I need to write some algorithms for a PIC micro controller. AFAIK, the official tools support either assembler or a subset of C.

My goal is to write the algorithms in a generic and reusable way without losing any runtime or memory performance. And if possible, I would like to do this without increasing the development time much and compromising the readability and maintainability much either.

What I mean by generic and reusable is that I don't want to commit to types, array sizes, number of bits in a bit field etc. All these specifications, IMHO, point to C++ templates, but there's no compiler for it for my target. C macro metaprogramming is another option, but, again my opinion, that greatly reduces readability and increases development time.

I believe what I'm looking for is a decent C++ to C translator, but I'd like to hear anything else that satisfies the above requirements. Maybe a translator from another high-level language to C that produces very efficient code, maybe something else.

Please note that I have nothing against C, I just wish templates were available in it.

  • 2
    Comeau C++ is a C++ compiler that works as a front-end for an existing C compiler. You could contact them to see if they have a C++ front-end for your existing C compiler. Commented Nov 11, 2013 at 7:22
  • Which PIC? There is now a C++ compiler for some of them, if you're that way inclined.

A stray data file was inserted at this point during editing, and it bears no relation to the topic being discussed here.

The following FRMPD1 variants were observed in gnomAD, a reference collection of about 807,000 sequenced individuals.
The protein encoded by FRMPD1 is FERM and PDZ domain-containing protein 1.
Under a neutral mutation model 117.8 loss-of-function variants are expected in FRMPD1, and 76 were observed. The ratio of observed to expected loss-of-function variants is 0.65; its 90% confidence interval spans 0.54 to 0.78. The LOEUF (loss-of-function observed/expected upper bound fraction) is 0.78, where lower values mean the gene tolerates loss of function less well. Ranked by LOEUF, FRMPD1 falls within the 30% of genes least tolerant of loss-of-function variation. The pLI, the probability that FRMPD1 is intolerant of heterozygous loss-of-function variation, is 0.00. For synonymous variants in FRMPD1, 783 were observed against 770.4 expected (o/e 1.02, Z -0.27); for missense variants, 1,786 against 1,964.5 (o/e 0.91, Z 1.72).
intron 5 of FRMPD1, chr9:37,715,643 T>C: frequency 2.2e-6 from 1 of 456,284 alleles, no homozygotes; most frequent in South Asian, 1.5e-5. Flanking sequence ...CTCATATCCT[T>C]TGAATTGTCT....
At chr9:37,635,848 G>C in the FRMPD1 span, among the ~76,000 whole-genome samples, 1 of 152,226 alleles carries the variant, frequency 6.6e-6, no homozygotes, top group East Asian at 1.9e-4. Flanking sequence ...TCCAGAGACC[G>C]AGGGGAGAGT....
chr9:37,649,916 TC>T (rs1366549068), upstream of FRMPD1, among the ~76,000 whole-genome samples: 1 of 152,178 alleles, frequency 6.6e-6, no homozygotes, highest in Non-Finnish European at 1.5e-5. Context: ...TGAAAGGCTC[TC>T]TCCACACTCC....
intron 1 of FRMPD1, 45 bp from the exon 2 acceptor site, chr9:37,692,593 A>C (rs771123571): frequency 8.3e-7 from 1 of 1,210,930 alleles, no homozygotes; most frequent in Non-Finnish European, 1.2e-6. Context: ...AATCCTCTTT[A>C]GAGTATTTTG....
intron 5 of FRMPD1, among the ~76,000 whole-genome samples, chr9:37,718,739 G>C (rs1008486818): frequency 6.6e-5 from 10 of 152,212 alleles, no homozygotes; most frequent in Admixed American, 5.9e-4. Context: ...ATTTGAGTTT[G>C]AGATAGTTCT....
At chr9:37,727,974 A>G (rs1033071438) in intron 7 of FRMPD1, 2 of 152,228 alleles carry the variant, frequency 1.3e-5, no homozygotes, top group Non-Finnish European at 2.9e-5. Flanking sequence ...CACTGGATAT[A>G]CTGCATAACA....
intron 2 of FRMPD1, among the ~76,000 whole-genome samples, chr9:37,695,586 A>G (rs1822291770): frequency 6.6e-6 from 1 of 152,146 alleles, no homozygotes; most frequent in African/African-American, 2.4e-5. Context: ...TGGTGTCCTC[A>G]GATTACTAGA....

– detly
    Commented Nov 12, 2013 at 2:15
  • @Bart Comeau C++ looks promising, I'll check back when their site is not under construction.
    – enobayram
    Commented Nov 12, 2013 at 4:08
  • LLVM can ostensibly output C as a target, so in theory you could use Clang++ to compile C++ to C. In practice I don't know how well the C backend actually works (when I tried it a couple of versions ago it was broken and generated rubbish). Commented Mar 4, 2014 at 22:12
  • @enobayram: It's not just some random C++ compiler. Many C++ papers mention Comeau C++ as a de-facto reference or kind thereof. They are just off-pace regarding their website. It's itself based on the EDG-C++ frontend, which have several members being integral parts of C++ standardization, and authors of great books. But I agree, it looks strange atm.
    – phresnel
    Commented Nov 13, 2014 at 10:38

2 Answers 2


Unless you have at least 3 use-cases where the algorithms will be used with different types and sizes, you are not going to do good job of the genericity anyway. So don't bother too much.

I'd recommend writing it in plain C using custom typedefs for all types (except things that are obviously size_t, int or such) and #defines for any relevant sizes. Than you can adjust the algorithms easily by changing those definitions. You can put the definitions in one header that you can easily override for the use-cases.

You can also use the C's poor man's template system, the preprocessor. Like define a macro, that will get a type and expand to definition of the function for that type. Or define the parameters to expand, include a header/source to define the functions and undefine the parameters again. The later does not convolute diagnostics as much and is probably easier to manage.

Something like:

  • sort.h:

     void sort_##SORT_TYPE(SORT_TYPE *begin, SORT_TYPE *end);

    IIRC you'll need some wrapper macro to get the definition expanded appropriate number of times.

  • sort.c:

     void sort_##SORT_TYPE(SORT_TYPE *begin, SORT_TYPE *end)